With a traditional order book exchange, you can see the quantity and “ask” price that sellers are willing to sell at and the quantity and “bid” price buyers are willing to pay. With highly liquid markets, there are usually a lot of ready buyers and sellers at the current market price. With less liquid markets, there is a spread between the highest bid price and the lowest ask price (the bid/ask spread), meaning someone will need to adjust their price or wait for a new order to be placed at their price for the exchange to happen.
A liquidity pool is made up of quantities of two or more different tokens deposited into a smart contract. They are the key innovation to making DEXs, AMMs, and many other DeFi protocols work, and most attempt to maintain a proportional balance between tokens in the pool. For example, an ETH/DAI liquidity pool might be set in the smart contract to maintain 50% worth of ETH and 50% worth of DAI.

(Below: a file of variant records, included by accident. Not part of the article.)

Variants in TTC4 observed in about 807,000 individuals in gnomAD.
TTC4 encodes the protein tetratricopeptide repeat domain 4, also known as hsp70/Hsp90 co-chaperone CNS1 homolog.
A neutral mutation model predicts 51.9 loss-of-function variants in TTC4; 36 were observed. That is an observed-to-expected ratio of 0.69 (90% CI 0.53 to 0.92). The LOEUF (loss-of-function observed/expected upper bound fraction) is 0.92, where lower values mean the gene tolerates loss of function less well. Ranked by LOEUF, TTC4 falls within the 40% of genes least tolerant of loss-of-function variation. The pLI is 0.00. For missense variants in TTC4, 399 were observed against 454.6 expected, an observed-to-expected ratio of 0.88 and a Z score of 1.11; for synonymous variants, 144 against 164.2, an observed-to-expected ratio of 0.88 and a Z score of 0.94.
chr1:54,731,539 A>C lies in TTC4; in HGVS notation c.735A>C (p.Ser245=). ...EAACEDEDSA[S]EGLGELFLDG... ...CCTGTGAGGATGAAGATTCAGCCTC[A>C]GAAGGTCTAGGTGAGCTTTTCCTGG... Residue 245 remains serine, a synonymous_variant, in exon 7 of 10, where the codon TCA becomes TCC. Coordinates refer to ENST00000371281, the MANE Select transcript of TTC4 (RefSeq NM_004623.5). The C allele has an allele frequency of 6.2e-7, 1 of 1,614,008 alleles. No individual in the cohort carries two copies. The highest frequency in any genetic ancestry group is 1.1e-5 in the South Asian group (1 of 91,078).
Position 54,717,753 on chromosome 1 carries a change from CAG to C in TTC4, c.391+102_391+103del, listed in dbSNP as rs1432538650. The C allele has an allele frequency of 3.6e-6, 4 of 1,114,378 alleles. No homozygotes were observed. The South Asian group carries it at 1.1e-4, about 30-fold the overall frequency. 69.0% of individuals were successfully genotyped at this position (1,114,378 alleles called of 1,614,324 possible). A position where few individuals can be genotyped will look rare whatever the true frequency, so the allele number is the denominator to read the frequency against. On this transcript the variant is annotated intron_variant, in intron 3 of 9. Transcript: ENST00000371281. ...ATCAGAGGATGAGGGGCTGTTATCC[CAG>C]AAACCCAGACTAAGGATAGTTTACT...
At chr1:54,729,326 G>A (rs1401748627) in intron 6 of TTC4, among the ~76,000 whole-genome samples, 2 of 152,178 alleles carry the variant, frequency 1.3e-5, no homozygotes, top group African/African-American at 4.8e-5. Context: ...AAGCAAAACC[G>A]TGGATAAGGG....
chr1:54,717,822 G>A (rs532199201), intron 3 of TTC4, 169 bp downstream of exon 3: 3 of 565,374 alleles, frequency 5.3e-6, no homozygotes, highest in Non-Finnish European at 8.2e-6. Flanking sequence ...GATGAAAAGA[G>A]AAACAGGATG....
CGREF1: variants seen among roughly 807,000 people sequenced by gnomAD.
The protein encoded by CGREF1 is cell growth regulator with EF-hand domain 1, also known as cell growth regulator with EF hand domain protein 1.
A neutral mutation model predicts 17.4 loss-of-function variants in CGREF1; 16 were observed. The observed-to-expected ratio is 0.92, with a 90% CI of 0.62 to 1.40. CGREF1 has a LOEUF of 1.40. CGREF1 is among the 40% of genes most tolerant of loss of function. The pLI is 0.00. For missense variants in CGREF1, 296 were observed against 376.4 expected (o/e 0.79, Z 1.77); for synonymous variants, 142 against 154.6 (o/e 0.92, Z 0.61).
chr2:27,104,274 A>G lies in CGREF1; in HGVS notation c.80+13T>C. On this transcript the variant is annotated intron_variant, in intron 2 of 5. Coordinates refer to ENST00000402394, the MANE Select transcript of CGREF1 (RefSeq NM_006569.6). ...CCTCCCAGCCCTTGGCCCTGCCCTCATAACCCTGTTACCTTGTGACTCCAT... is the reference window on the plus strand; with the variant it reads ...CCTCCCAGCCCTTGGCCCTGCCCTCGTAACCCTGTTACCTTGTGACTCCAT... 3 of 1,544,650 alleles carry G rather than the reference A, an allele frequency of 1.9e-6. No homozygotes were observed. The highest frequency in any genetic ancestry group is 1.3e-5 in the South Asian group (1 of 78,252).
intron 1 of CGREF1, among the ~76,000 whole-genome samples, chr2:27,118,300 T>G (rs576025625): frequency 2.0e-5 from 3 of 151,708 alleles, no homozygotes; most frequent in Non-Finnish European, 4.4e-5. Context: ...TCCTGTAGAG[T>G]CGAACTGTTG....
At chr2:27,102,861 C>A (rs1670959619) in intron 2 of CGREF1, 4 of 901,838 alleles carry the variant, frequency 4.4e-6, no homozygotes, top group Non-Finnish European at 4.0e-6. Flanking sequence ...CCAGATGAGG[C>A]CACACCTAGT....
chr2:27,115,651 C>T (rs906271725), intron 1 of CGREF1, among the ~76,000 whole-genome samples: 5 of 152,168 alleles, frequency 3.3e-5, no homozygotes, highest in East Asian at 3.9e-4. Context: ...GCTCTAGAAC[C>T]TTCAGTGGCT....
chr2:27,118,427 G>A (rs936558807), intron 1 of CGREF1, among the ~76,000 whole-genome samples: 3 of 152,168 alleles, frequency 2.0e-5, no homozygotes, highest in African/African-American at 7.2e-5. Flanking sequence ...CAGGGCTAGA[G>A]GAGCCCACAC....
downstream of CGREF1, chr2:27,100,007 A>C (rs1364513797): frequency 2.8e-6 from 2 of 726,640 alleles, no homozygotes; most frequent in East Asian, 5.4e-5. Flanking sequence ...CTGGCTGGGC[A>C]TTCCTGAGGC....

Instead of needing to wait for a human counterparty to agree to exchange crypto tokens with you, you figuratively pour your tokens into the pool, and the smart contract automatically scoops out the appropriate amount of the other token to send to you.
Slippage is the difference between the expected price and what the final price is when the exchange is executed. While slippage occurs in many marketplaces, including stock markets and crypto order book markets, it can be significant in AMMs and DEXs — particularly with large trades and small liquidity pools. Large pools with deep liquidity are better at handling swaps with less slippage.